Late in 2013, Askiro Faarax was facing an impossible decision, a choice between two futures that both carried immense risk.
She could stay in her village in the southern Somali state of Juba and grapple each day with the threat of attack from the militant group al-Shabaab. Or she could chance a move to the more peaceful city of Kismayo—one stint along the hot tarmac of the treacherous Kismayo/Mogadishu Highway crawling with al-Shabaab militants —and embrace the unknown.
Askiro chose the city of Kismayo, the hope for peace carrying her, her husband, their four young daughters and two young sons the hundred kilometres between old life and new. They were refugees in their own country, but they were alive.
At first the young family seemed to have found the peaceful life they were looking for. Askiro connected with relatives in Kismayo and made a home with them in the neighbourhood of Alanley. The hosts were poor but had enough to share with the new arrivals while they adjusted to urban life. War and upheaval seemed to be behind them.
But the adjustment to urban life didn’t come. Askiro and her husband couldn’t find jobs and the support of her already strained relatives wouldn’t stretch far enough. The struggling couple were forced to beg to get what they needed for their children, an act of selflessness that came at a cost. Askiro stopped being able to breast feed and her infant son died of malnutrition. “I was broken.”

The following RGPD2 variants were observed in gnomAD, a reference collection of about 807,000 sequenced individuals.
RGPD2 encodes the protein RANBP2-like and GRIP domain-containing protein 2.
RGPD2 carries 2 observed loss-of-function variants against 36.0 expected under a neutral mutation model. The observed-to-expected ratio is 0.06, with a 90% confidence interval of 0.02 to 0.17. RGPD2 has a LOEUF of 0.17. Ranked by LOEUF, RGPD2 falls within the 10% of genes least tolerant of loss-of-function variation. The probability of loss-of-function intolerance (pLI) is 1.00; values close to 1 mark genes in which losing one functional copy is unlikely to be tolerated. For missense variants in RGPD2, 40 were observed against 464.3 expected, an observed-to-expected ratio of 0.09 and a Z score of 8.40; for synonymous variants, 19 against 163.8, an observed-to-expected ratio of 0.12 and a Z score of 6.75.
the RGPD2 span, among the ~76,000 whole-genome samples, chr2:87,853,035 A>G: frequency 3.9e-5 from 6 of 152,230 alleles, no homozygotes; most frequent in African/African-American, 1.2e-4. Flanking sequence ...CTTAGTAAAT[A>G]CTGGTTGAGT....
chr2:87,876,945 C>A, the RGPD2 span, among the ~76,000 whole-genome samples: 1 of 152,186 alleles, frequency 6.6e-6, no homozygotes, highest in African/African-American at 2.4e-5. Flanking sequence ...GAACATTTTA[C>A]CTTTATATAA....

Meanwhile, a peacebuilding and livelihoods programme run by a local organisation called SADO was expanding its work in Kismayo, crossing the city to find those who could benefit from its training projects. When they reached the Alanley district, Askiro stood out as one of the most vulnerable.
Askiro began training with SADO as a tailor, working with pigments, bleaches, ceramic beads and concertina folds to tie dye the soft cloth so popular among women in the city. Change came quickly. Askiro had a purpose but also an income, and with the $60 monthly stipend from SADO Askiro could provide her family with three balanced meals a day, and could send her children to school.
With these vital needs covered, Askiro began to save a little each month. By the time she had completed the programme, and after receiving $300 for graduating successfully, Askiro had enough saved to start her own tie dye production kiosk.
Out of her bitter struggle to survive in the city, Askiro now stands at the centre of life in her urban community. Askiro not only provides clothing for many women in the Alanley district; she has become an employer and an inspiration, passing on her expertise to young girls in the community and giving them work at the kiosk.
With the possibility of a loan from retail shop owners, and with it the chance for expansion, Askiro smiles widely as she thinks about what is to come. The stability that vicious conflict had denied her and her family is now all she can see for their future.